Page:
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How Fox, the NY Times and Slate Welcomed Jen Psaki

Author: Curtis Sparrer
January 21, 2021

One of the biggest changes from the Biden administration took place during its first day of office: how it handled the press.

White House Press Secretary Jen Psaki lit up the news with the administration’s very first press conference that Slate headlined as “Not Crazy,” Politico noted for its “transparency” and CNN called “honest.

The New York Times drew the immediate contrast on everyone’s mind:

Unlike Sean Spicer, Mr. Trump’s first press secretary, who lashed out at the news media and lied about Mr. Trump’s inaugural crowd size during his first appearance in the briefing room, Ms. Psaki engaged in a largely civil exchange of information with reporters.

“There will be moments when we disagree, and there will certainly be days where we disagree for extensive parts of the briefing even, perhaps,” she said to about a dozen journalists in the room. “But we have a common goal, which is sharing accurate information with the American people.”

Fox News, however, had a different memory they wanted to share.

During her tenure at the State Department, Psaki was known for her combative exchanges with reporters. One of those exchanges became at the center of a controversy after it was discovered in 2016 that an eight-minute exchange from 2013 with Fox News reporter James Rosen was edited out of the State Department archives, where she appears to admit that the department previously misled reporters and the American people about the origins of the Iran Nuclear Deal. 

The Washington Post for its part supports the detail that the video was edited out but adds that Psaki did not say she was responsible. 

What bothered me was that the Fox article didn’t attribute Psaki’s “known combativeness.”  After googling a combination of “Jen,” “Psaki,” “combativeness,” and other such terms, I wondered why Fox opted for the passive voice of “was known for” instead of out-right declaring who thought she was combative.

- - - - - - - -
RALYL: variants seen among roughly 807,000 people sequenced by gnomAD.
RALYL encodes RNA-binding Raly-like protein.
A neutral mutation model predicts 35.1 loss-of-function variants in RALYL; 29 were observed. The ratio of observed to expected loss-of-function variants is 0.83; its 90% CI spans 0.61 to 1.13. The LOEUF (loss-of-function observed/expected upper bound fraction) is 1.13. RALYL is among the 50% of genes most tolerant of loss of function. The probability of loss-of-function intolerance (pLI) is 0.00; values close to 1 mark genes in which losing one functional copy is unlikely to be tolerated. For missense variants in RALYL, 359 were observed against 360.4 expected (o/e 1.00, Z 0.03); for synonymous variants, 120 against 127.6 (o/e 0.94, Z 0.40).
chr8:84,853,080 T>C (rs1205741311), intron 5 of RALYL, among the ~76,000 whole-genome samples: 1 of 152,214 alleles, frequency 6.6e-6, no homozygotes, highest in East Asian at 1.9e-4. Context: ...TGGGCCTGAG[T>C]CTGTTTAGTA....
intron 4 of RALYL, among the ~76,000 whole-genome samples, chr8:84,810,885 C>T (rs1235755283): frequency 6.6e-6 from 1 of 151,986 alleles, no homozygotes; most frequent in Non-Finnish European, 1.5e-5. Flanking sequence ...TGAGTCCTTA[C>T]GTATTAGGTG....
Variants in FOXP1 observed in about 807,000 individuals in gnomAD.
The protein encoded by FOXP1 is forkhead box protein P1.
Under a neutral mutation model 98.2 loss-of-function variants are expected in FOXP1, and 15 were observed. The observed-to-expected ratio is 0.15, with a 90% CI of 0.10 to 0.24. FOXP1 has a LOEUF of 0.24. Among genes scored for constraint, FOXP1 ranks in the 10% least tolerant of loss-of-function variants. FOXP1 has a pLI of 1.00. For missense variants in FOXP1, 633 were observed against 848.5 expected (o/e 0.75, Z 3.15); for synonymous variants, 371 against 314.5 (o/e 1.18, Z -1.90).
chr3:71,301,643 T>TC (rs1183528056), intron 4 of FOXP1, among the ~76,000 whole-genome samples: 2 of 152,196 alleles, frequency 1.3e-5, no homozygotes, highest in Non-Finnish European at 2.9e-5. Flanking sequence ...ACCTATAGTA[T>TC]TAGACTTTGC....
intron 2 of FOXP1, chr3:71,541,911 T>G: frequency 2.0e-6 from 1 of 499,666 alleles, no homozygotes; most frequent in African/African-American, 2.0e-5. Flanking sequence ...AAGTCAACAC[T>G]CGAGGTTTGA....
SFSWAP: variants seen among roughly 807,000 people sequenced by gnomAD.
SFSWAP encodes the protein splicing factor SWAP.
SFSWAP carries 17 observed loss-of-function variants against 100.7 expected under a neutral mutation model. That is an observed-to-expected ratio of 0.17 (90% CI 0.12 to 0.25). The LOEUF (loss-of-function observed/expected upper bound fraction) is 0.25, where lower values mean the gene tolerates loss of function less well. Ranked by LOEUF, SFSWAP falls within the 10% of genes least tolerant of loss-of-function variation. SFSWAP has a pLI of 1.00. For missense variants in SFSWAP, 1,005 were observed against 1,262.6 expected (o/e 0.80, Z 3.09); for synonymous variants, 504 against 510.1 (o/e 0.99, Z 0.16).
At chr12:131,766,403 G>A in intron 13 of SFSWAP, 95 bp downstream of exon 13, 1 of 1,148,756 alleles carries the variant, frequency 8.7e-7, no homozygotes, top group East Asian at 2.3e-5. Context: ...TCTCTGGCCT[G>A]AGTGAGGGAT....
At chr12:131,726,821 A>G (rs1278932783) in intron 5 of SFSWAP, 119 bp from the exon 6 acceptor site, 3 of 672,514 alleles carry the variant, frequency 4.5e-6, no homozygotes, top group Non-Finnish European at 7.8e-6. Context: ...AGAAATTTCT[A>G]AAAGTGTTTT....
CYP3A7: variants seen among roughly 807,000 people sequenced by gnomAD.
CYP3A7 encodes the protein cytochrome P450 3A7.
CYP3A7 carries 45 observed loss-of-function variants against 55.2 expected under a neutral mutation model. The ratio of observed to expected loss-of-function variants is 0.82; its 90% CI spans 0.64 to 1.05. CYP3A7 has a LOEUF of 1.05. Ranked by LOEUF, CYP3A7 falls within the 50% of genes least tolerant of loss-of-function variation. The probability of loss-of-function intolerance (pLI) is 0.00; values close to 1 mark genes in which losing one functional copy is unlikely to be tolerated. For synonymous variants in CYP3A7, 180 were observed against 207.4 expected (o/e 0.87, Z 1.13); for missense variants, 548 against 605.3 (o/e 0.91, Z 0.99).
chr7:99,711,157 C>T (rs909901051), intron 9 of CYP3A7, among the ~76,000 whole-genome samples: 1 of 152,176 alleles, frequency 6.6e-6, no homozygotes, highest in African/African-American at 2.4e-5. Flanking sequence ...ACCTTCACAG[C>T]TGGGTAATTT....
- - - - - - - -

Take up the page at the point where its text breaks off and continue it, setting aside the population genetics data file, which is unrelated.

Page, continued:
But that googling brought me to a warning from the Washington Post this morning about one journalistic norm it fears will return: “the desire to appear combative and to blow things out of proportion to demonstrate toughness. Because journalists pride themselves on being tough and objective, they like to take an adversarial-seeming approach, especially to the party in power or the candidate with whom they most identify.”

Media columnist Margaret Sullivan added, “There’s a difference between truly holding power to account and grandstanding. It’s the latter that gave rise to ridiculous dust-ups like the one over President Barack Obama’s wearing of a tan suit — not to mention the vast and shameful overplaying of the Hillary Clinton email scandal during the 2016 campaign.

“They will resist false equivalency. For example, they’ll think twice before they put a reality-denying senator like Ted Cruz (R-Tex.) or Josh Hawley (R-Mo.) on the air to promote false claims about election fraud simply because they feel they need to ‘balance’ all the (truthful) Democratic voices.”

So, on one hand we have all this praise for Jen Psaki, and on the other hand we have this piece from Fox that digs up an event from 2016 in the name of “balance” and adds some anonymous smear of her “being known for her combative exchanges.”

According to Bospar’s own research, Americans are hoping for a different approach to news that starts at the top.  An overwhelming share of Americans (89.9%) believe the Biden presidency will impact them. More than a fifth of Americans said the news cycle will be more reliable (22.4%), their blood pressure will go down (22.3%), or that they will think about politics less (20.3%).

Part of that will come from a new administration being “not crazy,” “transparent” and “honest.”

But another part of that will come from us refusing to accept false equivalencies.

This is the communication challenge of our time.